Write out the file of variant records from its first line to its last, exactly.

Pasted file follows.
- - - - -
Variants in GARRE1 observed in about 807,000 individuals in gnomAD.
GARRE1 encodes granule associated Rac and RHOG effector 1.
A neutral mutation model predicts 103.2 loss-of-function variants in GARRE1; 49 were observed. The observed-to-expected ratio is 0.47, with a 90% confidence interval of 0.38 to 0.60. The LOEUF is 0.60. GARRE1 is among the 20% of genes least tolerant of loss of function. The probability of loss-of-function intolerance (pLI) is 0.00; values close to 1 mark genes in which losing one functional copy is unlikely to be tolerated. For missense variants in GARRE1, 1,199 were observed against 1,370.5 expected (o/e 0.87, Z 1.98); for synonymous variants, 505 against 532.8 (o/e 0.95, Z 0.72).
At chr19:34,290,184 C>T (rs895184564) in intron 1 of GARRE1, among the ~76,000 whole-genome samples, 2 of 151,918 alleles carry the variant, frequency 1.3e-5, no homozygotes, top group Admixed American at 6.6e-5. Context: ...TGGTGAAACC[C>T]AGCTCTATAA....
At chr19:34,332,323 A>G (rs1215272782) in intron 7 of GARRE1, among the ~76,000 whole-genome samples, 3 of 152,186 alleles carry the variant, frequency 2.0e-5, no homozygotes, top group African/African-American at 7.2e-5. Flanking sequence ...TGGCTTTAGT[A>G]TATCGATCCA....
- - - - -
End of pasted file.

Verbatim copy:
Variants in GARRE1 observed in about 807,000 individuals in gnomAD.
GARRE1 encodes granule associated Rac and RHOG effector 1.
A neutral mutation model predicts 103.2 loss-of-function variants in GARRE1; 49 were observed. The observed-to-expected ratio is 0.47, with a 90% confidence interval of 0.38 to 0.60. The LOEUF is 0.60. GARRE1 is among the 20% of genes least tolerant of loss of function. The probability of loss-of-function intolerance (pLI) is 0.00; values close to 1 mark genes in which losing one functional copy is unlikely to be tolerated. For missense variants in GARRE1, 1,199 were observed against 1,370.5 expected (o/e 0.87, Z 1.98); for synonymous variants, 505 against 532.8 (o/e 0.95, Z 0.72).
At chr19:34,290,184 C>T (rs895184564) in intron 1 of GARRE1, among the ~76,000 whole-genome samples, 2 of 151,918 alleles carry the variant, frequency 1.3e-5, no homozygotes, top group Admixed American at 6.6e-5. Context: ...TGGTGAAACC[C>T]AGCTCTATAA....
At chr19:34,332,323 A>G (rs1215272782) in intron 7 of GARRE1, among the ~76,000 whole-genome samples, 3 of 152,186 alleles carry the variant, frequency 2.0e-5, no homozygotes, top group African/African-American at 7.2e-5. Flanking sequence ...TGGCTTTAGT[A>G]TATCGATCCA....